Being alone has negative connotations – perhaps that the person is a “misery guts”, or is “unfriendly” or “isolated”. However, I believe that time spent alone is necessary, useful, and valuable.
I’ve written before about coping with the demands of others and juggling responsibilities. Being alone can give you time to recharge, decompress, and think about your own needs for a bit. It’s easier to make plans and decisions if you’ve been left alone to think about them for a while, as you can escape other people’s agendas. It might also help you be more productive. A friend of mine recently said the disruption to her office from the recent heavy snowfall meant she could get on with her work without interruption and was extremely productive!
The flip side of not being around other people and having their needs and demands placed upon you is that you don’t rely on them so much either. Being alone and having to regulate your own emotions and needs can help you build strength and resilience. That is why so many people recommend learning to love yourself before looking for love from others. You will develop inner strength and the power to manage your own self-worth rather than needing someone else to do it for you. You will learn to trust your own opinions and decisions rather than looking for reassurance and guidance from others.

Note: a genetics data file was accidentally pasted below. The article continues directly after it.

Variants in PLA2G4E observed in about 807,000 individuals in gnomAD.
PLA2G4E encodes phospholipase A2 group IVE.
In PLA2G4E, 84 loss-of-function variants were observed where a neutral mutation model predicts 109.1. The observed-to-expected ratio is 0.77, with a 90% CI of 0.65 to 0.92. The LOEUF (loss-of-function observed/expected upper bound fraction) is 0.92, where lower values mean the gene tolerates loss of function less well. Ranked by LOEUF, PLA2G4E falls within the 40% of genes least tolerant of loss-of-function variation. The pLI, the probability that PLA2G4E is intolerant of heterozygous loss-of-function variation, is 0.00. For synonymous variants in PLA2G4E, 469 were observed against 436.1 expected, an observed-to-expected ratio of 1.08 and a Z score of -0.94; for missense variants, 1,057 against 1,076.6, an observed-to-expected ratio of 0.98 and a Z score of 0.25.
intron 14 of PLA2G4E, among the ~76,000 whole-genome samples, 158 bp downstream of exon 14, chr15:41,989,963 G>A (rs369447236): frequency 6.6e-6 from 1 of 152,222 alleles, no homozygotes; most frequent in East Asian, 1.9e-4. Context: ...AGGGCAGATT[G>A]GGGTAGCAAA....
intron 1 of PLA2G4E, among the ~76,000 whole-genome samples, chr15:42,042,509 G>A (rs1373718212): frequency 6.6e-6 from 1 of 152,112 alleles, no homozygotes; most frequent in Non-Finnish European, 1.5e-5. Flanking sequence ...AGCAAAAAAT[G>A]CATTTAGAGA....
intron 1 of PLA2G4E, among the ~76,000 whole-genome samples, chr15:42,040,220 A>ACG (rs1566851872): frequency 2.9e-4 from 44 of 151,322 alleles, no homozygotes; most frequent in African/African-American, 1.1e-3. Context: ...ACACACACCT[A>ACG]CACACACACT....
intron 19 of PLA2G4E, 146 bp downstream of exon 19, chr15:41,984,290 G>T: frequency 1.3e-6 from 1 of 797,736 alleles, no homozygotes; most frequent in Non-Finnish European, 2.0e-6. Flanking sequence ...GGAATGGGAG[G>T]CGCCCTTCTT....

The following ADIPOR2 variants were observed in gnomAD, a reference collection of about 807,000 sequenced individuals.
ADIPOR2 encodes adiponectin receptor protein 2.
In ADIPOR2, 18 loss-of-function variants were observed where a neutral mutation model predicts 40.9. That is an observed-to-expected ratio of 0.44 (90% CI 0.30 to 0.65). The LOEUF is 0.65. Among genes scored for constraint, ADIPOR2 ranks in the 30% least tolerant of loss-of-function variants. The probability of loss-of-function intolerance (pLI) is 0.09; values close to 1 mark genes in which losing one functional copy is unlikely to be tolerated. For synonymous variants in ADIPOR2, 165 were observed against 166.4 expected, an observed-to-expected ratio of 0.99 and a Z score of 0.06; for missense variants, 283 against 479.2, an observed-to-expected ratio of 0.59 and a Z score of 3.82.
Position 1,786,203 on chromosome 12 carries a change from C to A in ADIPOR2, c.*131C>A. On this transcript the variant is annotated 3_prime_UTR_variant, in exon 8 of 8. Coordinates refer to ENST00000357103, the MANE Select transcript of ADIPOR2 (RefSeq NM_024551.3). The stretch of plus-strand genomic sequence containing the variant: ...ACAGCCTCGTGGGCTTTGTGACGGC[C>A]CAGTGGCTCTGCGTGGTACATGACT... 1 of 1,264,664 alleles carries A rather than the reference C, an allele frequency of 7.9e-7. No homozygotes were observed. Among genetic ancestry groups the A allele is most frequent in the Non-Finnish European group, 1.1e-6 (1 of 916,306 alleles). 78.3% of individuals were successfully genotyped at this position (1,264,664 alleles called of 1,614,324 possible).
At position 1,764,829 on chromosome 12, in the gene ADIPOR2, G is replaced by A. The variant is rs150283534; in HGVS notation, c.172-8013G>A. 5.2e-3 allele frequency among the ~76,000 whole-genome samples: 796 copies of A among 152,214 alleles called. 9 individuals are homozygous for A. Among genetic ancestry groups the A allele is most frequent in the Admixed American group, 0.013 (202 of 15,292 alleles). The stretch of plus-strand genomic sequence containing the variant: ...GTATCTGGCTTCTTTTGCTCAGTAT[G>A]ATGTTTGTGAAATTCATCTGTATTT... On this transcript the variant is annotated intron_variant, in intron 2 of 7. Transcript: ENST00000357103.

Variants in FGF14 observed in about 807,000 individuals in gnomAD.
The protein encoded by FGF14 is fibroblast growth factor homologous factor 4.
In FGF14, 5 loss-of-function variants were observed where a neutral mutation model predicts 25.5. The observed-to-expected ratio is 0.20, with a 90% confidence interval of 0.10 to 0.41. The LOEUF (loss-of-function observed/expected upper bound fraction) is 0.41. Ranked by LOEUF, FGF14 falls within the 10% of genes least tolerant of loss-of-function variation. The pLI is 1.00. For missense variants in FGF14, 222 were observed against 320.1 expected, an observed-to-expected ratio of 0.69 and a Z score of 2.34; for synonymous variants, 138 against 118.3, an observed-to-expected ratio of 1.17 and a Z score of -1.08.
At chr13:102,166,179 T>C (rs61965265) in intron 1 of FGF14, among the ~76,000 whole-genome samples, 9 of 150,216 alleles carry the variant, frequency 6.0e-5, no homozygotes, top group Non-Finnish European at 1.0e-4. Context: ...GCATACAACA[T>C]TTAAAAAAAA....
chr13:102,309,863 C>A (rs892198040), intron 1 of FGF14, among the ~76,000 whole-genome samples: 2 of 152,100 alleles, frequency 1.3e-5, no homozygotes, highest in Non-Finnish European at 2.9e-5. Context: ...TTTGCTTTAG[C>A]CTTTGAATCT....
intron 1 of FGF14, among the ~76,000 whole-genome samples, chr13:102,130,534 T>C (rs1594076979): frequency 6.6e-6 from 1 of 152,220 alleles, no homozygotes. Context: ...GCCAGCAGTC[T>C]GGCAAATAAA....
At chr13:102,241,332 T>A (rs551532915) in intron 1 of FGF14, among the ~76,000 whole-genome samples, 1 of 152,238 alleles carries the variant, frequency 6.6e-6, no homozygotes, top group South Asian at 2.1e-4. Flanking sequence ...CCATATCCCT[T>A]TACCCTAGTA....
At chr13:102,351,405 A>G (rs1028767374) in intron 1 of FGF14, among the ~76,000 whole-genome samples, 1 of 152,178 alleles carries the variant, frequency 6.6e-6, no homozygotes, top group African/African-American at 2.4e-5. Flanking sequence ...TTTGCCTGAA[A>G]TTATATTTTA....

Is there a movie you want to see but you friends don’t? Or somewhere you want to eat, or travel? Is lack of companionship holding you back from activities, and would it be so bad to go alone? Why or why not?
Being alone can be a conscious choice for self care. Remember, self care isn’t just about lighting and candle and having a nice bath! It can also mean getting a stack of bills paid or having a medical appointment.
Happiness in your own company can also increase self-confidence and satisfaction. Listening to our inner voice, agreeing with or challenging it appropriately, can help us feel more grounded and sure of ourselves.
So strike your best Greta Garbo pose and say, “I want to be alone!”.